Once upon a time, going public was a fun and joyous thing to do. In the late 1990s, young companies would raise money in an IPO, there would be an enormous first-day pop, everybody would start talking about you, and the combination of new money and free PR would turbocharge your business.
Flash forward: Today, it's hard to find anybody who's happy with way that companies transition from being private to being public. Even the institutional clients of the large investment banks, who can get significant allocations of coveted IPOs, are feeling the pain. Companies like Uber and Peloton have never traded above their IPO price.
Driving the news: Venture capitalists are so unhappy with IPOs that they spent Tuesday at a high-level conference devoted to direct listings — a slightly different way of going public, that doesn't involve raising money.
- But direct listings solve none of the problems of being a public company — not just Sarbanes-Oxley compliance and other bureaucratic overheads, but, more deeply, the feeling that you're constantly trying to do your work with second-guessers peering over your shoulder who could seize the company at any time.
- The highest-profile direct listing to date, Slack, has traded miserably as a public company. Early trades were above $40 per share, but now it's trading at about $23.
- Once you're public, everybody starts to judge you by your share price, over which you have very little control. Private companies can refuse to sell stock at a level lower than they think it's worth, but public companies have no such power to dictate valuations.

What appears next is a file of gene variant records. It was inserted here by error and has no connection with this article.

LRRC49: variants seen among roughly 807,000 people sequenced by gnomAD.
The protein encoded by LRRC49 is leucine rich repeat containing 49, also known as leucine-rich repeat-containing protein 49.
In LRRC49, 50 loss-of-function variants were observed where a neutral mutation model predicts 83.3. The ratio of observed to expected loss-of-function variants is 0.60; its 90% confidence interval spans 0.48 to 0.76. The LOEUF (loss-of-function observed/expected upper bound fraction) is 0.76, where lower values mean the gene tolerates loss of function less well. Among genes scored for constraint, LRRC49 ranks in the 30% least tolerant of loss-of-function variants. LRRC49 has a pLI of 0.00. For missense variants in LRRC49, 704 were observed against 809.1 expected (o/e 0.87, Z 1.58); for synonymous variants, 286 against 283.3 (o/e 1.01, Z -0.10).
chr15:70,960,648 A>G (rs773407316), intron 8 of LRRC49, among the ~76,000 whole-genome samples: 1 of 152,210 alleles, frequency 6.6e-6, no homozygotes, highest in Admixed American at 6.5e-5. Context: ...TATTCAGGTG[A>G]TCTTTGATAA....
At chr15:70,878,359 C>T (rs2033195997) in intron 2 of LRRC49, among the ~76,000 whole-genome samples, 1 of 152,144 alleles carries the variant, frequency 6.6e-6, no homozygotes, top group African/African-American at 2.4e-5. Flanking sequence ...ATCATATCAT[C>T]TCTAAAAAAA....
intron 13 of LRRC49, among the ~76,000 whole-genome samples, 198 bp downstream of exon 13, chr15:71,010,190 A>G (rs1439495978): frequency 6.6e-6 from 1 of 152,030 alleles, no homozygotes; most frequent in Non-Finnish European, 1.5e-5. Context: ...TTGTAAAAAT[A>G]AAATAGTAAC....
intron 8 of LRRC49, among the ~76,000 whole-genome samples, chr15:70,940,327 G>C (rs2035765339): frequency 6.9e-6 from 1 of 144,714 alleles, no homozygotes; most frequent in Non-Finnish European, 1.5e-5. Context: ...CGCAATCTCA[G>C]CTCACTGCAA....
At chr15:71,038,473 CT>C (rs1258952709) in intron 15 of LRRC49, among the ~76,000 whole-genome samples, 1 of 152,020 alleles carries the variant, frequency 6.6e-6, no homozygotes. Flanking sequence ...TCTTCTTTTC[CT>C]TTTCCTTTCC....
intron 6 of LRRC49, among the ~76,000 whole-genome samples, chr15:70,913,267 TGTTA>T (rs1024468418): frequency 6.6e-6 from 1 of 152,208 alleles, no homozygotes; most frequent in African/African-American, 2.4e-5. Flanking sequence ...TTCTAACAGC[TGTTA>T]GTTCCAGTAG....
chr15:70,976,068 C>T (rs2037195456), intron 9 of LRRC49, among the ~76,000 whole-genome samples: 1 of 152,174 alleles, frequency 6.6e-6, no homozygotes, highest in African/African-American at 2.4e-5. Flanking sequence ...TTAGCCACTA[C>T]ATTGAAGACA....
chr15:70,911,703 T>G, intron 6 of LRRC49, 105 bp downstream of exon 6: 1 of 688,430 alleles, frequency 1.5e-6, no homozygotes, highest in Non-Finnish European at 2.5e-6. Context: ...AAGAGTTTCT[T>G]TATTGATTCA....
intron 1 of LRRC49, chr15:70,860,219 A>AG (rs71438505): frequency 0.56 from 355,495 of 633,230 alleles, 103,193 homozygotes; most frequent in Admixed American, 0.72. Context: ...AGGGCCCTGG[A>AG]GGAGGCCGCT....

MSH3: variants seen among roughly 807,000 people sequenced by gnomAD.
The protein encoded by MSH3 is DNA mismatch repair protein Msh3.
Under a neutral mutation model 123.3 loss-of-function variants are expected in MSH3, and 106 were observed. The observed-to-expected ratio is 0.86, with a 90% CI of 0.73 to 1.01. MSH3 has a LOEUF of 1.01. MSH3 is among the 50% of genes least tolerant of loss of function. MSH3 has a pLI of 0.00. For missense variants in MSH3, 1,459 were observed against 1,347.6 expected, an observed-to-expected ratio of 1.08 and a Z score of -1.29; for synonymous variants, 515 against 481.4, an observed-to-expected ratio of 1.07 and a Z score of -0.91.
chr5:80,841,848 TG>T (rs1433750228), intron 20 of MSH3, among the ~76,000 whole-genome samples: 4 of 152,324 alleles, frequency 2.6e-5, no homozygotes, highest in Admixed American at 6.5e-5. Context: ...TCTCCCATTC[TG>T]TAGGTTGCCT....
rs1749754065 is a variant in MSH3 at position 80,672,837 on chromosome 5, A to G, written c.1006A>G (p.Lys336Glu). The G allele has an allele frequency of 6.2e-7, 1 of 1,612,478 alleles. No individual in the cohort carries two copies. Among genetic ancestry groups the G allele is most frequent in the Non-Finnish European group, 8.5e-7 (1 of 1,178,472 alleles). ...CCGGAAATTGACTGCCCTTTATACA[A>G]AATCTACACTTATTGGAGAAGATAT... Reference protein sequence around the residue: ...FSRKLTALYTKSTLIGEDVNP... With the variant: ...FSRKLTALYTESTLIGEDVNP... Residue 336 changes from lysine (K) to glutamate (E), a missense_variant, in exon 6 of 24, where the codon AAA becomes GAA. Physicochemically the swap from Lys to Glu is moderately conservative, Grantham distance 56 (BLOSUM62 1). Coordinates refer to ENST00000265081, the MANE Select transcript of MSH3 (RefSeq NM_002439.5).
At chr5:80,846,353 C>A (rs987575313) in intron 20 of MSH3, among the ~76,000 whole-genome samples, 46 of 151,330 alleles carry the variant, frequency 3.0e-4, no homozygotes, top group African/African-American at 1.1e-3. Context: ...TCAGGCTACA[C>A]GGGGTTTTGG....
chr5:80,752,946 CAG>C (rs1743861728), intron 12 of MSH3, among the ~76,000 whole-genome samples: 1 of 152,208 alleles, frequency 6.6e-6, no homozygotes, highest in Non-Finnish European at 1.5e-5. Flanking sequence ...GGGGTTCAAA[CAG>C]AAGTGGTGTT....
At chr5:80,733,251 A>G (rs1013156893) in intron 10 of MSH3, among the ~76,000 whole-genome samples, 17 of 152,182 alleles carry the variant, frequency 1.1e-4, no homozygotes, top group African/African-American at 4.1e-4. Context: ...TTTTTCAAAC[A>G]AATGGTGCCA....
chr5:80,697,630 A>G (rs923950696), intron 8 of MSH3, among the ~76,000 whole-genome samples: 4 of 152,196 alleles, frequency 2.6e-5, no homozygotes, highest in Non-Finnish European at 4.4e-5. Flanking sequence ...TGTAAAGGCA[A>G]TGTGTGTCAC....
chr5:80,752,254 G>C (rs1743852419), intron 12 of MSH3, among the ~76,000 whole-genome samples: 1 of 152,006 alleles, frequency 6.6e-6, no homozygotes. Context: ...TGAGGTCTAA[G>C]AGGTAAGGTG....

Being public is so miserable that people like the Chang family, who founded retailer Forever 21, refused to raise equity capital.
- When they expanded using only debt instead, they found themselves overlevered and were forced this week to file for bankruptcy protection. It's not clear that bankruptcy is worse for them than the specter of quarterly earnings reports and activist shareholders.
The bottom line: In 2012, I wrote a feature for Wired about "why going public sucks," and suggested that maybe the answer might lie in companies staying private instead, orchestrating deals on their own terms to provide liquidity to investors and employees who need it.
- That never really happened. The market leader in terms of matching buyers and sellers of private-company stock was SecondMarket. They ended up being bought by Nasdaq, which obviously has an interest in maximizing the number of IPOs.
- If you have employees and investors who own stock, then they need to be able to sell that stock at some point. So far, no one's come up with a good long-term way of allowing them to (a) sell their equity, while (b) managing to avoid the public markets altogether.
Go deeper ... A seller's market: Lyft is the latest oversubscribed IPO